Learn how positive experiences in the body have the power to system-override negative ones.

“Trauma is in the body, not the event.”

When a gazelle encounters a lion, what does she do? She runs! She processes the threat, which triggers a physiological response—heart pounding, breath quickening, muscles tensing, adrenaline and cortisol flooding the bloodstream. Her trauma response allows her to flee the stressor, the lion. It also allows her to complete the stress response, purging her bloodstream of built-up stress hormones. 

When we encounter “lions” in our lives (the anxiety of shelter in place, the grief of collective loss, the pain of systemic racial and gender inequities, the chronic stress of an abusive environment), “running” doesn’t always feel like the appropriate response. As a result, we don’t always complete the stress response and the built-up stress hormones get trapped. This explains the adage, “Trauma is in the body, not the event.”

Fight, flight, freeze and fawn.

When I coach parents and professionals on utilizing trauma-informed practices with their youth, we talk about the trauma responses—fight, flight, freeze and fawn—and how they might show up in our spaces both similar to and distinct from how they show up in the animal kingdom. For example, physical fights among peers, escapism through drug use, hiding under a desk, fawning over a teacher in an attempt to stay on their “good side.” While we may not be able to protect our youth from their stressors, we can provide them with opportunities to complete their stress responses.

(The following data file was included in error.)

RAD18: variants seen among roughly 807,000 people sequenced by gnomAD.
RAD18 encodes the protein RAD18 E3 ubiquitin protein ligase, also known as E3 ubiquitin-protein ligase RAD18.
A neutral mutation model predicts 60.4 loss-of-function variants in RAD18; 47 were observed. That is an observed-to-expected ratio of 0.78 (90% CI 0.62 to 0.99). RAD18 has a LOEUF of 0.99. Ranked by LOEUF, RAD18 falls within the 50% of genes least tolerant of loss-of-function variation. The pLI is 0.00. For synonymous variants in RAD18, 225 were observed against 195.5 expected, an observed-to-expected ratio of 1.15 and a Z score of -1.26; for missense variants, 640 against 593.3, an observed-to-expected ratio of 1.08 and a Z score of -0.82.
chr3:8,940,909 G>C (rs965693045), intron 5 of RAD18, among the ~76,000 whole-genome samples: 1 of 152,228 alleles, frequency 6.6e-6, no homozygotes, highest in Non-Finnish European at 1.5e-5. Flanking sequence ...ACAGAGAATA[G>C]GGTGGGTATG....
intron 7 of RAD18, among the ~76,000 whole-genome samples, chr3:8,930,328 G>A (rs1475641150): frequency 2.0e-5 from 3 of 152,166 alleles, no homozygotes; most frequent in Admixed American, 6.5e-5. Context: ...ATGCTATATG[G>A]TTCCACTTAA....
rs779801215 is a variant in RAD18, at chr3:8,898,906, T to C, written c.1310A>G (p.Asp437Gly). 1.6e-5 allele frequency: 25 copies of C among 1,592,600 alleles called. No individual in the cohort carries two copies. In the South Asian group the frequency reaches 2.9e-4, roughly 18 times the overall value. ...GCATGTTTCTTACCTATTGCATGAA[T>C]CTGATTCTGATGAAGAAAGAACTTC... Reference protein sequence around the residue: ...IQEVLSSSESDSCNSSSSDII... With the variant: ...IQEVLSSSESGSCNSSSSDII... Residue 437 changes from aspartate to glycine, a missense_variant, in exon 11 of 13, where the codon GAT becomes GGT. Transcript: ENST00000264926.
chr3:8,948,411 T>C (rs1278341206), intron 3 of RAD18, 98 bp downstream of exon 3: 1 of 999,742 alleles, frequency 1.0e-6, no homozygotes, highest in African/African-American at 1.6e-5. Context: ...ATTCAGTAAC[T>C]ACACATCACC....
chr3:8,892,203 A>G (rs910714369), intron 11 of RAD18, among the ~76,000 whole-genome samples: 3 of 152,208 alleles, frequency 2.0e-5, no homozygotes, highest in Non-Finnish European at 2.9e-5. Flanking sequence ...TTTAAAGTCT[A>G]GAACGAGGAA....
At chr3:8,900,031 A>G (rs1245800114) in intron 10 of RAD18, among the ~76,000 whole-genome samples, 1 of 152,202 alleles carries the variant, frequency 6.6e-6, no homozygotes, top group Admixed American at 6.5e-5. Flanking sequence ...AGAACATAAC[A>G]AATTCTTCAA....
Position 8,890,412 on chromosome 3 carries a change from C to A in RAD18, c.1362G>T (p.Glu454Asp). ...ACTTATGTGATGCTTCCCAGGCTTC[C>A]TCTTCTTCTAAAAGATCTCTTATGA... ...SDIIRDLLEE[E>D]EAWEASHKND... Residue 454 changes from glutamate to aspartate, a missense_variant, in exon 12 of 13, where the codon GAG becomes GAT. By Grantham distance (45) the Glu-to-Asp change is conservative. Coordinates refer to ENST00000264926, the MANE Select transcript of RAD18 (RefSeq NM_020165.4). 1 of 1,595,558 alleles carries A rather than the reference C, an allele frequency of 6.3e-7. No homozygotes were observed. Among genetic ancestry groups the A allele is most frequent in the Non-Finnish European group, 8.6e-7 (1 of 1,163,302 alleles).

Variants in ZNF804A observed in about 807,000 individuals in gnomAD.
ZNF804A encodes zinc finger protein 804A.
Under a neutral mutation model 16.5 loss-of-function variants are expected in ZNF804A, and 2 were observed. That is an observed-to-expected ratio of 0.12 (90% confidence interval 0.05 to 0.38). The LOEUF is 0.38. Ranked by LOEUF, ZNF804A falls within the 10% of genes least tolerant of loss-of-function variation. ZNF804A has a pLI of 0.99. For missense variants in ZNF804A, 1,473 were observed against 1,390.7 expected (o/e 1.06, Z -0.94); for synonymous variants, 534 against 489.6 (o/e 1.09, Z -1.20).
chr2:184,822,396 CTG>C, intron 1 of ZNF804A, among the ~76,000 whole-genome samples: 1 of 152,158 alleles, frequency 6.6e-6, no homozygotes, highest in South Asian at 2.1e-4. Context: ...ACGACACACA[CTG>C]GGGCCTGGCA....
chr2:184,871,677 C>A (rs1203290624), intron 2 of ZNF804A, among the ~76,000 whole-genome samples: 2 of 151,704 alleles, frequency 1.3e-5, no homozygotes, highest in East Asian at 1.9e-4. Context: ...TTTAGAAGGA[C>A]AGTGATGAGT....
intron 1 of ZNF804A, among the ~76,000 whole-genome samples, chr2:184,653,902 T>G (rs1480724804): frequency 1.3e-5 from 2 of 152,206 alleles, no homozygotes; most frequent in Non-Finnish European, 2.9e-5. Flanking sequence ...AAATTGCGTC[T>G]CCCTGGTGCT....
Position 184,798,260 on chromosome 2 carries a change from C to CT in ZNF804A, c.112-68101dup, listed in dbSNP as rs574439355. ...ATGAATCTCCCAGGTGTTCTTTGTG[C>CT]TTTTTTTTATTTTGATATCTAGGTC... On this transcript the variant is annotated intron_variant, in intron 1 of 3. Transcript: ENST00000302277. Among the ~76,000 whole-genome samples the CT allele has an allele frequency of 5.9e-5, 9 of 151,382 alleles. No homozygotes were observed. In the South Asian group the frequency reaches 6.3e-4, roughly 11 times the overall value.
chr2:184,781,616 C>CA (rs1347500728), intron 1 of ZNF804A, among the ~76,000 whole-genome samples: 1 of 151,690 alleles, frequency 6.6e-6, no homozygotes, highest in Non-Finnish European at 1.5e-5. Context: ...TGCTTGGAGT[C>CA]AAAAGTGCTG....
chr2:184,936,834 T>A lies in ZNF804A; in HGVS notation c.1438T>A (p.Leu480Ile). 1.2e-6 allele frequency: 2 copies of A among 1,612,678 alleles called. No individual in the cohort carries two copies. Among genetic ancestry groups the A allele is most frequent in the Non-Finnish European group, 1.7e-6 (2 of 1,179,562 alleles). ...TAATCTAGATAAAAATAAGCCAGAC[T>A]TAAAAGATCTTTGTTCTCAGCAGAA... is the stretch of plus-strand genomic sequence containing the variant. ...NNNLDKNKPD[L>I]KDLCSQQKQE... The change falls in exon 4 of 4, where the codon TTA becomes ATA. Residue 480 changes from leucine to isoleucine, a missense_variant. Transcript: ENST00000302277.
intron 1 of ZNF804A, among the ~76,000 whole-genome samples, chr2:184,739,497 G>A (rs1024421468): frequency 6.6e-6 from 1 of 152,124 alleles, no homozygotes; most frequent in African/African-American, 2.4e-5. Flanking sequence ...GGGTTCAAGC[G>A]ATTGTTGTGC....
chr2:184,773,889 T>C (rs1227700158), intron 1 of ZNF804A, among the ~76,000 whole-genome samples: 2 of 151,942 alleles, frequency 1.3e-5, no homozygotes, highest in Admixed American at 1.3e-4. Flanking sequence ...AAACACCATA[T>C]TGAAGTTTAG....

Zoom-ba as a trauma-informed practice.

In “Burnout: The Secret to Unlocking the Stress Cycle,” sisters Emily and Amelia Nagoski write that physical activity is the single most effective way to complete the stress response. Girls Leadership recognizes that positive experiences in the body have the power to system-override negative ones. That’s why Girls Leadership offered Zoom-ba, and online dance class.

Emily and Amelia Nagoski also point out the benefits of intentional breathing, positive social interaction, cuddling with an animal, sleeping, and affection (specifically a six second kiss and a twenty second hug!), or anything that signals to the brain that the body is safe—emphasizing that there isn’t “one right way.” In addition, dance provides an opportunity for play, silliness and full self-expression, which too often are discouraged in women in girls.

At a time when so many of us are stressed, let’s take the time to de-stress together. Our free Zoom-ba classes ran for two months straight but are paused for the summer. We’ll be dancing and moving in our Online Summer Camp if you want to join us. Or, check out Learn to Step Dance with Girls Leadership Educator & Soul Steps Founder, Maxine Lyle.


  1. Dom


    Will Zoom-ba be making a comeback? My daughter and I loved it. She won’t stop asking if we can do it again!

    • Dorothy Ponton, Digital Marketing Manager

      Hi Dom, Thanks so much for asking. Now that we’re focusing on our school year programs Zoomba is not offered any more. The good news is that Iris is a professional Zumba instructor, and you can find a listing of her classes here: https://tinyurl.com/browngirldancing

  2. Jennifer Firepine

    Is it still possible to join in the Zoom-Ba? My daughter is a freshman in high school and could be a great fit. Thanks.


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